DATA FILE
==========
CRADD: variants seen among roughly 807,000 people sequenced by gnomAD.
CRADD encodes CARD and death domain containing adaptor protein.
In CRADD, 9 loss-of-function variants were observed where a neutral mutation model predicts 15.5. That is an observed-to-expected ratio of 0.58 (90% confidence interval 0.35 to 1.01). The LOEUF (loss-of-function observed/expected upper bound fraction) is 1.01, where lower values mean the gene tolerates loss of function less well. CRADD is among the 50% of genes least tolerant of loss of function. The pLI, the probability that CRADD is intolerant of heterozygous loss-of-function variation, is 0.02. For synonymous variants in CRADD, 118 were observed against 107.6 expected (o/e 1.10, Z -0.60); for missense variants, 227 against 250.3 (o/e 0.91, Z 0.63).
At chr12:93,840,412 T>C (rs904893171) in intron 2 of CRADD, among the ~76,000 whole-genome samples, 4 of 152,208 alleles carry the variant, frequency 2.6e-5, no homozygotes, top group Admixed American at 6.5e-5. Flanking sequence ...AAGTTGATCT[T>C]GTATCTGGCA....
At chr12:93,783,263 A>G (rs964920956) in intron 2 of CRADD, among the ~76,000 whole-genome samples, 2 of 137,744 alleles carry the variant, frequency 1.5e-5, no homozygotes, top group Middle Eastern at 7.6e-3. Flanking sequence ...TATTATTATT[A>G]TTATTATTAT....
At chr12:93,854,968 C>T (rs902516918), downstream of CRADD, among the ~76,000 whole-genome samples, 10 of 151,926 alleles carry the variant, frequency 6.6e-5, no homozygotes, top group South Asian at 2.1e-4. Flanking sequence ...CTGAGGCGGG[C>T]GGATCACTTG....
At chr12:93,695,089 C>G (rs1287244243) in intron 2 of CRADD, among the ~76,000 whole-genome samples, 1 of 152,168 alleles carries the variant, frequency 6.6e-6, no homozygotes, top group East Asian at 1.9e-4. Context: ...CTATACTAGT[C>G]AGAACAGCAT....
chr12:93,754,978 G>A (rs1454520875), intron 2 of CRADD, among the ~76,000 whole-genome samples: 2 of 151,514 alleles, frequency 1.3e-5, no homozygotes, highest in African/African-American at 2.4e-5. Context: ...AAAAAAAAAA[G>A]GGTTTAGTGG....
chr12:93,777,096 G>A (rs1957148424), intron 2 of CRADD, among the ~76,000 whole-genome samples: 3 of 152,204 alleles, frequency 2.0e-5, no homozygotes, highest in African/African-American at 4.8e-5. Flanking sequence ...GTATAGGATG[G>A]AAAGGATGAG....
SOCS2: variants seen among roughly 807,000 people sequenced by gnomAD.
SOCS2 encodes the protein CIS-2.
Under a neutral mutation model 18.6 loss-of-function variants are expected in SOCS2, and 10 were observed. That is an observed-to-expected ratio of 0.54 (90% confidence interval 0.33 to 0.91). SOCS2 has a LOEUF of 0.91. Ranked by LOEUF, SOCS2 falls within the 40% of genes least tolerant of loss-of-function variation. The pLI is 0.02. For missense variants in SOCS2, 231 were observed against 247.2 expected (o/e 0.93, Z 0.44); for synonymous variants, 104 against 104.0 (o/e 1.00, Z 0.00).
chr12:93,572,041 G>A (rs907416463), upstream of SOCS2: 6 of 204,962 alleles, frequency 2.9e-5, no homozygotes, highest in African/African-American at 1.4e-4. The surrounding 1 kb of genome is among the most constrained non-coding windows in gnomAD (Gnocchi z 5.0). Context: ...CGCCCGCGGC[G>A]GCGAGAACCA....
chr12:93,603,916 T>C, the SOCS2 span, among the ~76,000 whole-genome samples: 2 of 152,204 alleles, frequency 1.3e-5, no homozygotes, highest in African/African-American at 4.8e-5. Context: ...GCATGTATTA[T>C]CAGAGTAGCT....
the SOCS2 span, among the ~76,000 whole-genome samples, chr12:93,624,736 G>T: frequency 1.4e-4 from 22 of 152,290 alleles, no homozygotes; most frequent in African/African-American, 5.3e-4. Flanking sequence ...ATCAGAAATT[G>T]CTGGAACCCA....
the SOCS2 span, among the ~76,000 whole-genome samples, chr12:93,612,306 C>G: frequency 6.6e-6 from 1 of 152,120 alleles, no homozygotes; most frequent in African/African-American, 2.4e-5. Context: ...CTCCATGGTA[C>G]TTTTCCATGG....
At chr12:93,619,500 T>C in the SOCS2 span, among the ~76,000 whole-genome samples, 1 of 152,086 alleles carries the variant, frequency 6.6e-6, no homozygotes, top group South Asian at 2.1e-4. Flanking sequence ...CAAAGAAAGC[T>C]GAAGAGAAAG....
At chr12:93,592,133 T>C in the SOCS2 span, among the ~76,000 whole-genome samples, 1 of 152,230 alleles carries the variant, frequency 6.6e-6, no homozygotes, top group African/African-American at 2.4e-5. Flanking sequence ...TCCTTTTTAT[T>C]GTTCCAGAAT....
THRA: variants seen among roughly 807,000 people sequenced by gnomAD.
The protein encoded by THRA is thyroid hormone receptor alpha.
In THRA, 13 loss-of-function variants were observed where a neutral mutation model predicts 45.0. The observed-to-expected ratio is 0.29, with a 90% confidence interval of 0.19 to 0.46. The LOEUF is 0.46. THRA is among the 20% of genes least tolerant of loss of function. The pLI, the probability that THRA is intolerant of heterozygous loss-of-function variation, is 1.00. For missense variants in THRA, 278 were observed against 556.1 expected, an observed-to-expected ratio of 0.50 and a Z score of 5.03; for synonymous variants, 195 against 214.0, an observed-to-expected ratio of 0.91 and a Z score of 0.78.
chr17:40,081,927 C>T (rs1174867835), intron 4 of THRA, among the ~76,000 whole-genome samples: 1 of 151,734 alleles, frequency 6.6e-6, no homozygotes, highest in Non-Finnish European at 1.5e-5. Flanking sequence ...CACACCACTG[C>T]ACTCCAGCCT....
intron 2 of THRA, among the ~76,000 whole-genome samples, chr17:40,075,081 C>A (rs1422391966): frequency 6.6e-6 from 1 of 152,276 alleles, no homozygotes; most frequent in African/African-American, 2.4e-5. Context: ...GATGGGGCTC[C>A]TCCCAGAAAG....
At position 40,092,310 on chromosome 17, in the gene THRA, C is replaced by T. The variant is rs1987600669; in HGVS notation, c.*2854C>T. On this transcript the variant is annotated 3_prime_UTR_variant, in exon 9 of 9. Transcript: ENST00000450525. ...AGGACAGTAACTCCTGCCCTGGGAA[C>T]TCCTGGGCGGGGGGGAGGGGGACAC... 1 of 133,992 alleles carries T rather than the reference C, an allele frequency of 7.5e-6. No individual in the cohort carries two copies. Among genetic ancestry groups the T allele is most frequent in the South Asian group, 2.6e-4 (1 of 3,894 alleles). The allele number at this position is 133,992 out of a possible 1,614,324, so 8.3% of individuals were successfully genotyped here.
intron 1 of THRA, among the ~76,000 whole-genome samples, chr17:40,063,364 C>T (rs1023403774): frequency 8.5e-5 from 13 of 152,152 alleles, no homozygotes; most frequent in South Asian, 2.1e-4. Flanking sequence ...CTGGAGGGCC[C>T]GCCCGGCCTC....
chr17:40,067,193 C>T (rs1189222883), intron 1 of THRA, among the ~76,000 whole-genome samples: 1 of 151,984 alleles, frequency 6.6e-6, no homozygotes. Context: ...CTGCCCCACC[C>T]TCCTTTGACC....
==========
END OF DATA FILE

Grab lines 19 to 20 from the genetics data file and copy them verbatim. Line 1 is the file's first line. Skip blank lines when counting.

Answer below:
THRA: variants seen among roughly 807,000 people sequenced by gnomAD.
The protein encoded by THRA is thyroid hormone receptor alpha.